Mary Randlett The House Next Door photographs, circa 1980 PDF
- Randlett, Mary, 1924-
- Mary Randlett The House Next Door photographs
- circa 1980 (inclusive)19751980
- 190 photographic prints (1 box)
- Collection Number
- Photographs used in the 1981 book The House next door: Seattle's neighborhood architectureby Lila Gault, with photographs by Mary Randlett
- University of Washington Libraries, Special Collections
University of Washington Libraries
- Access Restrictions
Permission of Visual Materials Curator required to view originals. Contact Special Collections for more information.
- Additional Reference Guides
Biographical NoteReturn to Top
Mary Randlett has been photographing the people, places, and arts of the Northwest for over half a century. She was born Mary Willis on May 5, 1924, in Seattle, Washington. Her father, Cecil Willis, ran Superior Reprographics, a blueprint company. Mary's mother, Elizabeth Bayley Willis, was a curator and marketer of international folk arts and crafts and was intimately involved in the Northwest art scene. Mark Tobey and Morris Graves were among the artists she befriended, and Mary Randlett would photograph many of her mother's artist friends later in life.
After receiving her first camera at age 10, Randlett made her first set of prints, depicting Orcas Island, in 1937. Her next camera, which she used during high school, was a Kodak 620 folding camera. When her younger sister went to Whitman College, Randlett went along. At Whitman, she used a campus darkroom to process and develop her photographs of friends, professors, and the campus.
After graduating in 1947 with a degree in political science, Randlett returned to Seattle, where she apprenticed herself to fashion photographer Hans Jorgensen, who had been Louise Dahl-Wolfe's assistant. On Jorgensen's advice, Randlett purchased a twin lens Rolleiflex camera and began shooting portraits of families and children. Although Jorgensen gave her tips on processing and developing her photographs, he never influenced her photographic technique. Randlett's portraiture was, however, influenced by the informal approach of George Mantor. In 1950, she married Herbert Randlett, and they had four children: Bob, Mary Ann, Peter, and Suzy.
In 1963, Randlett photographed poet Theodore Roethke at his home in Seattle. He died just two weeks later. Before long, she was shooting portraits of Roethke's students, including future Pulitzer prizewinner Carolyn Kizer. Visual artists -- including Kenneth Callahan, William Cumming, Philip McCracken, Leo Kenney, and countless other well-known names in Northwest art -- soon followed. These photographs are not merely portraits; they also document artists at work, installations of pieces, and gallery shows. Randlett has photographed over five hundred artists and writers.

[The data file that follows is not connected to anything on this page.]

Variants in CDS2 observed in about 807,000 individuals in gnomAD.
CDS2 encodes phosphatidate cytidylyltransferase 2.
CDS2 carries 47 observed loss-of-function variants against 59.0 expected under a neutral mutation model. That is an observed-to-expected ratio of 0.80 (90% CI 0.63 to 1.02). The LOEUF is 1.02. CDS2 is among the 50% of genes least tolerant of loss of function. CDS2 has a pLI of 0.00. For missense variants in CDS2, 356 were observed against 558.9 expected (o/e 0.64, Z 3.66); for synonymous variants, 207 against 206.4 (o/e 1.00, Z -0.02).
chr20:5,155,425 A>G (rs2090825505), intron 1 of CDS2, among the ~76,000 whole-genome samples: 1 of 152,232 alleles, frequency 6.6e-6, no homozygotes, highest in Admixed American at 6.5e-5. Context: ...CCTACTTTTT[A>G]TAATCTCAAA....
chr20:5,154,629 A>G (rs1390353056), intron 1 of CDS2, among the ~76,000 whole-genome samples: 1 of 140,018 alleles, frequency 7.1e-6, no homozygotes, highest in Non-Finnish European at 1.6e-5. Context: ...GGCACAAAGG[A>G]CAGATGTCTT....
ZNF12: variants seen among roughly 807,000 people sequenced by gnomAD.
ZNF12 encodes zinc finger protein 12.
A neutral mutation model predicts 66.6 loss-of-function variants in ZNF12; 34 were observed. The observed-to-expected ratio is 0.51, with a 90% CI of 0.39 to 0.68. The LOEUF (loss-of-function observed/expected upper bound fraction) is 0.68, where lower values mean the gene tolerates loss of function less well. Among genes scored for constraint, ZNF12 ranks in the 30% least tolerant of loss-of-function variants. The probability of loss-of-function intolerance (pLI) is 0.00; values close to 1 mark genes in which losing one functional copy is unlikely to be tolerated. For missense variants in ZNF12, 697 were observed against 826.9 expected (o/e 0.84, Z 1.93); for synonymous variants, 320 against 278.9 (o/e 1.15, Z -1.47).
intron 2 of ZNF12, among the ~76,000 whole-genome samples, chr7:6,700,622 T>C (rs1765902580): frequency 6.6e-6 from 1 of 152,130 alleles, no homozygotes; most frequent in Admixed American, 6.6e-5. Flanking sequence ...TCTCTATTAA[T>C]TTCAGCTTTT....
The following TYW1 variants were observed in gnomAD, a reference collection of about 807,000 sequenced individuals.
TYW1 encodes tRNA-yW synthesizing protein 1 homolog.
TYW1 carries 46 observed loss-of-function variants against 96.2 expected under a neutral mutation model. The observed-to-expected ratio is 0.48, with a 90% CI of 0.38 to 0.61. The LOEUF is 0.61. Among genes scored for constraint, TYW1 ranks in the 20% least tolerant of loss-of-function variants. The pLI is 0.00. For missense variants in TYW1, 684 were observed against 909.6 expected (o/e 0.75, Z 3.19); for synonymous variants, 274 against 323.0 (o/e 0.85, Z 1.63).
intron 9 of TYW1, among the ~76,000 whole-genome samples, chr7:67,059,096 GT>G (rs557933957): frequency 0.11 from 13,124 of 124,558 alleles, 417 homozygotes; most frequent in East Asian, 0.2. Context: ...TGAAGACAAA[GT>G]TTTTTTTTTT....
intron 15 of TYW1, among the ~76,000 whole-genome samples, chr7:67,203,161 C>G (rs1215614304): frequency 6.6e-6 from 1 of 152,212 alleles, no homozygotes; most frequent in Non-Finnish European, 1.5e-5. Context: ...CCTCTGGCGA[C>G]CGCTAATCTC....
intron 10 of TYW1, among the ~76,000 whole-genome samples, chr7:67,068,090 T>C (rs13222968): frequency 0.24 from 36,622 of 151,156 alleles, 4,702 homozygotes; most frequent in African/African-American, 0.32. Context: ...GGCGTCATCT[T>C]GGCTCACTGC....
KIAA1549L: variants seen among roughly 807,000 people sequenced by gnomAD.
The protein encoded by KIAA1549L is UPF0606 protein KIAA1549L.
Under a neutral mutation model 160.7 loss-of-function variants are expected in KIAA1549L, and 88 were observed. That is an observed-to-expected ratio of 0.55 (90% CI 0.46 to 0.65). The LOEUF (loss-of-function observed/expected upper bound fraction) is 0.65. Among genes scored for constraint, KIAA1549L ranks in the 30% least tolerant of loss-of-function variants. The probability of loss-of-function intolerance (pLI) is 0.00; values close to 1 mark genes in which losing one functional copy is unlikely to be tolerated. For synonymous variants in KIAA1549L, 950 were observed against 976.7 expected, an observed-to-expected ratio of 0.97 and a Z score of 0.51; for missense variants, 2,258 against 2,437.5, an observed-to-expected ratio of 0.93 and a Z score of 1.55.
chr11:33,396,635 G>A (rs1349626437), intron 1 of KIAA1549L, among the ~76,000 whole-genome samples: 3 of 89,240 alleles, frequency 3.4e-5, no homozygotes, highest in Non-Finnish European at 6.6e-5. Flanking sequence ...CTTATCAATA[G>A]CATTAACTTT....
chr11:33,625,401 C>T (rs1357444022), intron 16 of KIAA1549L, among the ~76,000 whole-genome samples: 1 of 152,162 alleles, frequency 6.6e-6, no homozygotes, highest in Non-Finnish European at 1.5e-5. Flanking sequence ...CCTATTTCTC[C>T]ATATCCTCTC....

But she did not limit herself to portraiture: nature photography is of great importance to Randlett, and she has experimented with lighting and techniques throughout her career. She collaborated with the poet Denise Levertov on Lifting the Veil: The Northwest Landscapes of Mary Randlett, which features Levertov poems inspired by Randlett's nature photographs. Architectural photography is another important subset of her body of work: she has documented many homes, commercial buildings, and parks, as well as the architects and landscape architects who designed them.
After Randlett and her husband divorced in 1972, she moved to Virginia, where she assisted a friend with research on Northwest Coast Indians and worked on a commission for the National Register of Historic Places. She returned to the Northwest in 1975 and continued her nature and portrait photography. Randlett has also worked on commissions from various organizations, including the King County Arts Commission and the Northwest Living section of the Seattle Times, and has collaborated on many publications. Her photographs have illustrated books on Northwest artists, the Bloedel Reserve, Seattle's historic preservation movement, and public art in Seattle.
Mary Randlett's work has been included in more than 120 exhibitions, over twenty of which have been solo shows. Her photographs are found in the permanent collections of museums nationwide, including the Metropolitan Museum of Art, the Seattle Art Museum, the Museum of Natural History, and the Museum of Northwest Art.
Content DescriptionReturn to Top
Photographs used in the 1981 book The House next door: Seattle's neighborhood architectureby Lila Gault, with photographs by Mary Randlett.
Use of the CollectionReturn to Top
Restrictions may exist on reproduction, quotation, or publication. Contact Special Collections, University of Washington Libraries for details.
Administrative InformationReturn to Top
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- Visual Materials Collections (University of Washington)